• In 1999, the American Medical Association, American Pharmaceutical Association, and other organizations called for state-level review of syringe laws and regulations.12

Some states have reported a beneficial public health impact. For example, after the partial repeal of syringe laws in Connecticut, pharmacies in that state began to sell nonprescription syringes.9,13 As a result, more IDUs purchased syringes from pharmacies, syringe sharing decreased, and police reported fewer needlestick injuries.8 Further, there is no evidence that ensuring access to sterile syringes increases the number of persons who inject or the number of injections.14,15

Policy Considerations

At the community level, both public health and law enforcement have strong interests that must be supported. Public health seeks to reduce drug use and blood-borne transmission of disease by helping individuals enter substance abuse treatment and change their risky sexual and drug-use behaviors. Law enforcement has an equally strong stake in preventing and punishing the distribution and sale of illicit drugs. State and local initiatives aimed at legal and regulatory reform need to find ways to strike a middle ground so that the interests of both are served. Such efforts include:

  • Supporting initiatives to expand and improve collaboration and understanding between public health and law enforcement. Encouraging review of the public health impact of current syringe prescription and drug paraphernalia laws and pharmacy regulations on the availability of sterile syringes to those IDUs who are unable or unwilling to stop injecting.

  • Educating policy makers about the facts of injection-related transmission of blood-borne pathogens and the public health benefits of providing access to sterile syringes as part of a comprehensive public health approach.

  • Carrying out initiatives to educate and inform community leaders, physicians, pharmacists, law enforcement, and the public about the importance of access to sterile syringes to IDUs as one component of a comprehensive approach to stopping drug use and reducing transmission of blood-borne diseases.

For More Information

Read A Comprehensive Approach: Preventing Blood-Borne Infections Among Injection Drug Users, which provides extensive background information on HIV and viral hepatitis infection in IDUs and on the legal, social, and policy environment. It also describes strategies and principles for addressing these issues.


  1. Glynn M, Rhodes P. Estimated HIV prevalence in the United States at the end of 2003. 2005 National HIV Prevention Conference; June 12-15, 2005. Atlanta, GA. Abstract T1-B1101.

  2. Centers for Disease Control and Prevention (CDC). Hepatitis C fact sheet. Accessed December 22, 2005 from

  3. Centers for Disease Control and Prevention, Health Resources and Services Administration, National Institute on Drug Abuse and Substance Abuse and Mental Health Services Administration. HIV prevention bulletin: Medical advice for persons who inject illicit drugs. May 9, 1997.

  4. Gostin LO. The legal environment impeding access to sterile syringes and needles: The conflict between law enforcement and public health. Journal of Acquired Immune Deficiency Syndromes and Human Retrovirology 1998;18(Suppl 1):S60-S70.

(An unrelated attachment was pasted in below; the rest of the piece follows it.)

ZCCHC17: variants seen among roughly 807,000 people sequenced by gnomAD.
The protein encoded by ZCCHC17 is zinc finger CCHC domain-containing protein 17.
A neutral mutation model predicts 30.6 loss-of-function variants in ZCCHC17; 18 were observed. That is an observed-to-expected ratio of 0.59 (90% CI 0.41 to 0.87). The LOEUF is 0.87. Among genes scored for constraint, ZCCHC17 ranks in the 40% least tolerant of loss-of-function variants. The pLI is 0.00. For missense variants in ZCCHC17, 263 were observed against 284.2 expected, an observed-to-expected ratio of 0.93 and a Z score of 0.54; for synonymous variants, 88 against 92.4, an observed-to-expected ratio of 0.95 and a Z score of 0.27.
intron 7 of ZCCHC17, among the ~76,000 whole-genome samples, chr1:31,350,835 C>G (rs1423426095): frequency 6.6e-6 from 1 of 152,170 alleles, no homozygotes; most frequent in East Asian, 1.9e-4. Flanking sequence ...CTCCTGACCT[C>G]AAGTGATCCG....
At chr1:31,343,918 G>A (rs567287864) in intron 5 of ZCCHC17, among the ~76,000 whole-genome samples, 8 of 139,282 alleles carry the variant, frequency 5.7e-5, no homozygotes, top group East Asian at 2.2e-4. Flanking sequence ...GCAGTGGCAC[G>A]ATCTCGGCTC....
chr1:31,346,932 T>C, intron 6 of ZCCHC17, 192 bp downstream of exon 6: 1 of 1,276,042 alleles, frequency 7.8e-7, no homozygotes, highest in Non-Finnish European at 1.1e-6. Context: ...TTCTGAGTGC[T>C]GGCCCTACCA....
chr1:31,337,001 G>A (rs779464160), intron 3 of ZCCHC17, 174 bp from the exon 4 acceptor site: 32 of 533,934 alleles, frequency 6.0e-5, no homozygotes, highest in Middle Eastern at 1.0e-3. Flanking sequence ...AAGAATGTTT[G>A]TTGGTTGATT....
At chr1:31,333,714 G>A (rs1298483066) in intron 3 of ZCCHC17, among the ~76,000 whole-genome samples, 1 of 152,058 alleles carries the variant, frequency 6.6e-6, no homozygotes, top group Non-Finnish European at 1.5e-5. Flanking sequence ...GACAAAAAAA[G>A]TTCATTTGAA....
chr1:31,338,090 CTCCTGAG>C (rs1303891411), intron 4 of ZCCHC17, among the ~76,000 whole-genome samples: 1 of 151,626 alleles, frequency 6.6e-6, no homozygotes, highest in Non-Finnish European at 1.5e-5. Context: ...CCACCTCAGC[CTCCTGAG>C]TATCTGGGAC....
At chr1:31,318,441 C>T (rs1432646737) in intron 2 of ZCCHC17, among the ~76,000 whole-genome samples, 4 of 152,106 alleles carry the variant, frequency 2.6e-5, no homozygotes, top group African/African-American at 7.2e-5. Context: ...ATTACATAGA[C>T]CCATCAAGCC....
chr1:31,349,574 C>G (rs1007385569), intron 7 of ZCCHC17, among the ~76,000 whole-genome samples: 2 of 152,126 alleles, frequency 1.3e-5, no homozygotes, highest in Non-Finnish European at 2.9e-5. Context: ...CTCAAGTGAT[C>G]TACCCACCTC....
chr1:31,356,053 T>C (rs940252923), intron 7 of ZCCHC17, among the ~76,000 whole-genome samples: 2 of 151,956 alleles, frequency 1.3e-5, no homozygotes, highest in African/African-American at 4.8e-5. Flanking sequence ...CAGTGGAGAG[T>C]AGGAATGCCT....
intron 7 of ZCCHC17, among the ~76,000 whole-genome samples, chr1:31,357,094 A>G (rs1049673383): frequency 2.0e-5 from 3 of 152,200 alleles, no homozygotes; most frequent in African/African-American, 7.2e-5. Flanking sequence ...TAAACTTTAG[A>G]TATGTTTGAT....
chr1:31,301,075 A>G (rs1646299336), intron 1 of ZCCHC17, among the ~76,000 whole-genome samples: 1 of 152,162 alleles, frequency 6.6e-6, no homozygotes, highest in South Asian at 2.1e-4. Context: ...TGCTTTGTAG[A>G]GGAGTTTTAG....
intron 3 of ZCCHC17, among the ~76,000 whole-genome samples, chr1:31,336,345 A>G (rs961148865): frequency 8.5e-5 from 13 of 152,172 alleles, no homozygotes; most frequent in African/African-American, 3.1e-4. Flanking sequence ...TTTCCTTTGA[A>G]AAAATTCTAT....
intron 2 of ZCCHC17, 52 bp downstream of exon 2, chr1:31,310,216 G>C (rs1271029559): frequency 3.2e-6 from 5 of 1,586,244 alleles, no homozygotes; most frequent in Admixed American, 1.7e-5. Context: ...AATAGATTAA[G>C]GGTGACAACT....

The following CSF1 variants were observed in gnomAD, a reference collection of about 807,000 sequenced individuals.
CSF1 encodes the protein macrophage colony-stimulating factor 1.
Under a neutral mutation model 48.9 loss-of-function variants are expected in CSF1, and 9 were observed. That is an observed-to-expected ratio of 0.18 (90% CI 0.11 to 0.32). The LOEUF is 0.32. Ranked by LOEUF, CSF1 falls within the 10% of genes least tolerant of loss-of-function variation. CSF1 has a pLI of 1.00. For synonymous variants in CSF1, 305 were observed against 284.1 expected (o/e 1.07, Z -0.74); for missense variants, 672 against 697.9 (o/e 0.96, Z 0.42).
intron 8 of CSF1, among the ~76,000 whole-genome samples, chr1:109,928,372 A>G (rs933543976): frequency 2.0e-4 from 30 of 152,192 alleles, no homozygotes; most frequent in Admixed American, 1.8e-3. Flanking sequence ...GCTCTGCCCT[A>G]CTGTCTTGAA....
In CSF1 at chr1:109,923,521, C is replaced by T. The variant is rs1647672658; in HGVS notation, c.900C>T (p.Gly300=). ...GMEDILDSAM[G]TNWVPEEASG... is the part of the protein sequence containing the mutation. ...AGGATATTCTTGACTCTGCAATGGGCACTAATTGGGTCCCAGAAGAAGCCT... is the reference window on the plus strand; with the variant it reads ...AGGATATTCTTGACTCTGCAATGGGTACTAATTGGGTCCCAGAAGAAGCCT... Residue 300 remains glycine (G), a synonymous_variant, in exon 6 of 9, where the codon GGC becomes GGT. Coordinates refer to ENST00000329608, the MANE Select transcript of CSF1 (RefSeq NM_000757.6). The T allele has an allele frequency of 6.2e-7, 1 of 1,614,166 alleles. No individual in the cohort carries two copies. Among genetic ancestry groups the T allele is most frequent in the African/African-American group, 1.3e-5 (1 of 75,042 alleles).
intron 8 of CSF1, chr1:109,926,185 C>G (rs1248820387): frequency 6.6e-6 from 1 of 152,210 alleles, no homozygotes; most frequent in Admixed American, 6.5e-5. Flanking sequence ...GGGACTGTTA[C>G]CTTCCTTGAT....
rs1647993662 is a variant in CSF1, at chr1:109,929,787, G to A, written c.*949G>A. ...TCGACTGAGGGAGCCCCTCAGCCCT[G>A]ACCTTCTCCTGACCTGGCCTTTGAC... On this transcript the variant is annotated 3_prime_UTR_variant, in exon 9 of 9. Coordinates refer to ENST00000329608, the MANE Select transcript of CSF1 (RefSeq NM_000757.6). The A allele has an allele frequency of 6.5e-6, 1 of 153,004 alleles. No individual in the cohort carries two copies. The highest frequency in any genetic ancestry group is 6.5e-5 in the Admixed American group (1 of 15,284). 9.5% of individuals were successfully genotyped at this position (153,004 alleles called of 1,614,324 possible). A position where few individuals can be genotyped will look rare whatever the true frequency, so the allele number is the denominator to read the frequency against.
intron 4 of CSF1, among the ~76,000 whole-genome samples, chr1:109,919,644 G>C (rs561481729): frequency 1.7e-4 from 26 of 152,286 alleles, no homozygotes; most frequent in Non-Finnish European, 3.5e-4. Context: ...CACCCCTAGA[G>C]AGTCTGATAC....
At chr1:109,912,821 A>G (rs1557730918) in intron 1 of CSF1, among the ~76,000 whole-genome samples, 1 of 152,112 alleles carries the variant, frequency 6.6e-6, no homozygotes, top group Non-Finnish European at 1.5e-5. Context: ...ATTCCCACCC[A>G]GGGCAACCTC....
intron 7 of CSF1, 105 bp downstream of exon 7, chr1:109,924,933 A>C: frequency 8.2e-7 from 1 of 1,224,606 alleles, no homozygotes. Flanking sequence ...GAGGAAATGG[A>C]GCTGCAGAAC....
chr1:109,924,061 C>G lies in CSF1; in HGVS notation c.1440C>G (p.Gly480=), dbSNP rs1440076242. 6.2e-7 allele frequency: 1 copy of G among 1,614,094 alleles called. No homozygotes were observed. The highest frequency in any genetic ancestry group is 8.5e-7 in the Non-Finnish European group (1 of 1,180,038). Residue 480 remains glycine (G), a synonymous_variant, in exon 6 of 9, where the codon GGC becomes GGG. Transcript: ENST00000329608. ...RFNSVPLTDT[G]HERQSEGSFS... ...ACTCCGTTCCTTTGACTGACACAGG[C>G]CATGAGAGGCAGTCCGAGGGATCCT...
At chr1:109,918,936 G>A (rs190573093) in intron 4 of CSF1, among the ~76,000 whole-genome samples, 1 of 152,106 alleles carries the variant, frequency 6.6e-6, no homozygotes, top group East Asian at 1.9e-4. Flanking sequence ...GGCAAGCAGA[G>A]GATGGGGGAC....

5. Burris S, Lurie P, Abrahamson D, Rich ID. Physician prescribing of sterile injection equipment to prevent HIV infection: time for action. Annals of Internal Medicine 2000;133(3):218-226.

  6. Springer KW, Sterk CE, Jones TS, Friedman L. Syringe disposal options for injection drug users: A community-based perspective. Substance Use and Misuse 1999;34(13):1917-1934.

  7. Bluthenthal RN, Kral AH, Erringer EA, Edlin BR. Drug paraphernalia laws and injection-related infectious disease risk among drug injectors. Journal of Drug Issues 1999;29(1):1-16.

  8. Groseclose SL, Weinstein B, Jones TS, Valleroy LA, Fehrs LJ, Kassler WJ. Impact of increased legal access to needles and syringes on the practices of injecting-drug users and police officers -- Connecticut, 1992-93. Journal of Acquired Immune Deficiency Syndromes and Human Retrovirology 1995;10:82-89.

  9. Valleroy LA, Weinstein B, Jones TS, Groseclose SL, Rolfs RT, Kassler WJ. Impact of increased legal access to needles and syringes on community pharmacies needle and syringe sales -- Connecticut, 1992-1993. Journal of Acquired Immune Deficiency Syndromes and Human Retrovirology 1995;10(1):73-81.

  10. Beckett GA, Galena R, Shields D, Mills DA. Maine removed criminal penalties for syringe possession in 1997 after allowing sale of syringes without a prescription in 1993. Journal of Acquired Immune Deficiency Syndromes and Human Retrovirology 1998;18(Suppl 1):S145-S146.

  11. Plevin L. State bill allows sale of syringes. Newsday. May 6, 2000. Page A03.

  12. National Alliance of State and Territorial AIDS Directors. HIV prevention and access to sterile syringes. Joint letter issued by the American Medical Association, American Pharmaceutical Association, Association of State and Territorial Health Officials, National Association of Boards of Pharmacy, National Alliance of State and Territorial AIDS Directors. October 1999.

  13. Wright-De Agüero L, Weinstein B, Jones TS, Miles J. Impact of the change in Connecticut syringe prescription laws on pharmacy sales and pharmacy managers' practices. Journal of Acquired Immune Deficiency Syndromes and Human Retrovirology 1998;18(Suppl 1):S102-S110.

  14. Normand J, Vlahov D, Moses LE, eds. Preventing HIV transmission: the role of sterile needles and bleach. Washington (DC): National Academy Press, 1995.

  15. Needle RH, Coyle SL, Normand J, Lambert E, Cesari H HIV prevention with drug-using populations -- current status and future prospects: introduction and overview. Public Health Reports 1998;113(Suppl 1):4-18.

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This article was provided by U.S. Centers for Disease Control and Prevention. Visit the CDC's website to find out more about their activities, publications and services.
See Also
Ask Our Expert, David Fawcett, Ph.D., L.C.S.W., About Substance Use and HIV